There was an interesting exchange about tax policy yesterday between CNN's Jake Tapper and Mick Mulvaney, the far-right director of Donald Trump's budget office, who made the rounds on the Sunday shows to help defend the regressive Republican tax plan.
TAPPER: So I guess the big question is, how can Republicans and the White House propose a bill that would simultaneously cut taxes for the wealthiest Americans, while effectively creating more of a financial burden for Americans earning less than $30,000 a year?MULVANEY: Yes, the bottom line is that the White House, the president is not going to sign a bill that raises taxes on the middle class, period.
I'm not sure Trump World fully appreciates the degree to which the president will struggle to keep this promise.
After all, it was just last week that the Joint Committee on Taxation, the congressional office responsible for non-partisan analyses of tax bills, found that once the Senate Republican legislation is fully implemented, American households earning between $10,000 to $75,000 would pay more in taxes, while the wealthy would pay less.
Here's the breakdown in chart form:
The image shows the percentage change -- not the specific dollar amounts, but the percentage -- in income in 2027, assuming the Senate GOP bill, as passed last week by the Senate Finance Committee, is fully implemented.
What's more, the Center on Budget and Policy Analysis published a related report, noting that the Joint Committee on Taxation's breakdown didn't factor in other Republican provisions of the bill, including a repeal of the estate tax and a repeal of the Affordable Care Act's individual mandate, which will disproportionately punish the poor and middle class. The chart looks slightly worse -- which is to say, people at the bottom are punished even more.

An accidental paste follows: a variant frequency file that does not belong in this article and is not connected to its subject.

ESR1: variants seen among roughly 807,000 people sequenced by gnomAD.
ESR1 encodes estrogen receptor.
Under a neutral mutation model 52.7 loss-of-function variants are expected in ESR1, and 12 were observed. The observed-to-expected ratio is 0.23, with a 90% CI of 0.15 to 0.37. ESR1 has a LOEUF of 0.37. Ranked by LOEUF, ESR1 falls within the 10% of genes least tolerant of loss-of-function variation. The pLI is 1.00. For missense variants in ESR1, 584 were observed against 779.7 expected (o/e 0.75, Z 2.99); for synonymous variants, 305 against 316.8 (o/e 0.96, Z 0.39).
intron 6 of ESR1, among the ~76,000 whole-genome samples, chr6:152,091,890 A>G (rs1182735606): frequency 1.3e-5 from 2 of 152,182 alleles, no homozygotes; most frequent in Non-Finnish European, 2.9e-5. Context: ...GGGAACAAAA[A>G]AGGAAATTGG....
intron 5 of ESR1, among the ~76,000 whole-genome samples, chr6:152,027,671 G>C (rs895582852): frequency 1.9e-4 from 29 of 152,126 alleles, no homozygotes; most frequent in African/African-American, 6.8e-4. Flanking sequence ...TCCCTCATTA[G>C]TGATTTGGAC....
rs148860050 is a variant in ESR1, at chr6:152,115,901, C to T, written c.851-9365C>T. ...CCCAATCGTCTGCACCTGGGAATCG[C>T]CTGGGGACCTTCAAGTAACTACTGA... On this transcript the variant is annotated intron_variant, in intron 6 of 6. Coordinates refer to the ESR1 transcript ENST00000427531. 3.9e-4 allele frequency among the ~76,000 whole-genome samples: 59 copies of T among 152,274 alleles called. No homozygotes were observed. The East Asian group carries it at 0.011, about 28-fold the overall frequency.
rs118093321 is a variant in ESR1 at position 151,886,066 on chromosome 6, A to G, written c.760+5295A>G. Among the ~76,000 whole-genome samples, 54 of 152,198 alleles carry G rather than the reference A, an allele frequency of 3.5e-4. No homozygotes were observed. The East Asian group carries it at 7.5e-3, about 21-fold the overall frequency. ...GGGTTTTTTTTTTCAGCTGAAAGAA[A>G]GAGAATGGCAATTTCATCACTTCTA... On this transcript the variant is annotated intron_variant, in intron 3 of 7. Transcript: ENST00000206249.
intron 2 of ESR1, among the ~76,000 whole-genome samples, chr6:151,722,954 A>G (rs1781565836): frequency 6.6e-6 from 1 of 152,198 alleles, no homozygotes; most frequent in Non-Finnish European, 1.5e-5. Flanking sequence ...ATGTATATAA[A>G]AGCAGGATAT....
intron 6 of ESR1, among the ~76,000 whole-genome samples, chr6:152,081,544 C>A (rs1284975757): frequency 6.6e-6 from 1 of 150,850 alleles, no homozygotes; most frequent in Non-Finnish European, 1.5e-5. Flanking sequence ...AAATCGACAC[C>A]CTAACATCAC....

Gary Cohn, the director of the National Economic Council at Trump's White House, told the Wall Street Journal last week, "The only way to grade whether it's successful or not is to literally look at the tables, look at the distributions and say, does this do what we want it do and does it deliver tax relief to hardworking American families? And the answer to both bills [in the House and Senate] is, yes it does."
The evidence to the contrary is overwhelming. Cohn says he wants everyone to look at the distribution tables, but when we do exactly that, the data says the opposite of what he wants it to say.
It's against this backdrop that Mick Mulvaney told a national television audience that the president "is not going to sign a bill that raises taxes on the middle class."
This creates an awkward set of possibilities. Maybe the White House will try to redefine "middle class" to exclude Americans in the middle class. Perhaps Trump World will argue that forcing the middle class to pay more in taxes doesn't count as "raising" taxes. Maybe Mulvaney was just brazenly lying.
Or perhaps Mulvaney was telling the truth, Trump is prepared to veto his party's tax plan, and Republicans will have no choice but to start over.
But if you think there's any chance that this last option may come to fruition, you're setting yourself up for disappointment.